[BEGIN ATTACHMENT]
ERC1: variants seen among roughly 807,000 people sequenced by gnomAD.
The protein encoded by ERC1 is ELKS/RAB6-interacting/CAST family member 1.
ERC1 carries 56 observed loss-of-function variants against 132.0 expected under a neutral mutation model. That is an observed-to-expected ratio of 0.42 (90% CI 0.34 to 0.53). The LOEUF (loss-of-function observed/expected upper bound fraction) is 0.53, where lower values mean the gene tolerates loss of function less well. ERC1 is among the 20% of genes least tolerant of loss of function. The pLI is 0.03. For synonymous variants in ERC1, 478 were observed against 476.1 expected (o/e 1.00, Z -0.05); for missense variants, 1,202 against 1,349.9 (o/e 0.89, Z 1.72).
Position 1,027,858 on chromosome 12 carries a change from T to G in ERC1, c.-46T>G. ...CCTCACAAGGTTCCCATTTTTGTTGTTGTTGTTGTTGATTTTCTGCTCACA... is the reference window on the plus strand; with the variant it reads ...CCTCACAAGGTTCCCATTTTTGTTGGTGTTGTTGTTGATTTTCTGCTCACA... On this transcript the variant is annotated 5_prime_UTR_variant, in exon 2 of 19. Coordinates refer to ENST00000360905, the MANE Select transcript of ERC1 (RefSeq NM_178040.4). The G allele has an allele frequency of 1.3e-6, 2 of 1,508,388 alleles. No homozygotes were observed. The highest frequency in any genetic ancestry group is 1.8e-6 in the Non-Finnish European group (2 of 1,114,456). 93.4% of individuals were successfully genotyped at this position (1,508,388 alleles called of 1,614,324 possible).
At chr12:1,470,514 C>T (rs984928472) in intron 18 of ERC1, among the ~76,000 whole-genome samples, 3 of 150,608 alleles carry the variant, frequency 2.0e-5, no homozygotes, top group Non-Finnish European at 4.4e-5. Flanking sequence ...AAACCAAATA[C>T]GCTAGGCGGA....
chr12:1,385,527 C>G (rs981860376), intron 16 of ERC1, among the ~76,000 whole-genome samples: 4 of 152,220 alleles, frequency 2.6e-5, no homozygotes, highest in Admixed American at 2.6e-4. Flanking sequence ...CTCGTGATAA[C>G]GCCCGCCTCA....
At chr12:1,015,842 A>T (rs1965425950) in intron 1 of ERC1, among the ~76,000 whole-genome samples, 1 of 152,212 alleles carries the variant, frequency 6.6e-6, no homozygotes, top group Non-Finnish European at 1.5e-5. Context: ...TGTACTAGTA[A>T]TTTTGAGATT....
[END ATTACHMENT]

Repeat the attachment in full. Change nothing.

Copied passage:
ERC1: variants seen among roughly 807,000 people sequenced by gnomAD.
The protein encoded by ERC1 is ELKS/RAB6-interacting/CAST family member 1.
ERC1 carries 56 observed loss-of-function variants against 132.0 expected under a neutral mutation model. That is an observed-to-expected ratio of 0.42 (90% CI 0.34 to 0.53). The LOEUF (loss-of-function observed/expected upper bound fraction) is 0.53, where lower values mean the gene tolerates loss of function less well. ERC1 is among the 20% of genes least tolerant of loss of function. The pLI is 0.03. For synonymous variants in ERC1, 478 were observed against 476.1 expected (o/e 1.00, Z -0.05); for missense variants, 1,202 against 1,349.9 (o/e 0.89, Z 1.72).
Position 1,027,858 on chromosome 12 carries a change from T to G in ERC1, c.-46T>G. ...CCTCACAAGGTTCCCATTTTTGTTGTTGTTGTTGTTGATTTTCTGCTCACA... is the reference window on the plus strand; with the variant it reads ...CCTCACAAGGTTCCCATTTTTGTTGGTGTTGTTGTTGATTTTCTGCTCACA... On this transcript the variant is annotated 5_prime_UTR_variant, in exon 2 of 19. Coordinates refer to ENST00000360905, the MANE Select transcript of ERC1 (RefSeq NM_178040.4). The G allele has an allele frequency of 1.3e-6, 2 of 1,508,388 alleles. No homozygotes were observed. The highest frequency in any genetic ancestry group is 1.8e-6 in the Non-Finnish European group (2 of 1,114,456). 93.4% of individuals were successfully genotyped at this position (1,508,388 alleles called of 1,614,324 possible).
At chr12:1,470,514 C>T (rs984928472) in intron 18 of ERC1, among the ~76,000 whole-genome samples, 3 of 150,608 alleles carry the variant, frequency 2.0e-5, no homozygotes, top group Non-Finnish European at 4.4e-5. Flanking sequence ...AAACCAAATA[C>T]GCTAGGCGGA....
chr12:1,385,527 C>G (rs981860376), intron 16 of ERC1, among the ~76,000 whole-genome samples: 4 of 152,220 alleles, frequency 2.6e-5, no homozygotes, highest in Admixed American at 2.6e-4. Flanking sequence ...CTCGTGATAA[C>G]GCCCGCCTCA....
At chr12:1,015,842 A>T (rs1965425950) in intron 1 of ERC1, among the ~76,000 whole-genome samples, 1 of 152,212 alleles carries the variant, frequency 6.6e-6, no homozygotes, top group Non-Finnish European at 1.5e-5. Context: ...TGTACTAGTA[A>T]TTTTGAGATT....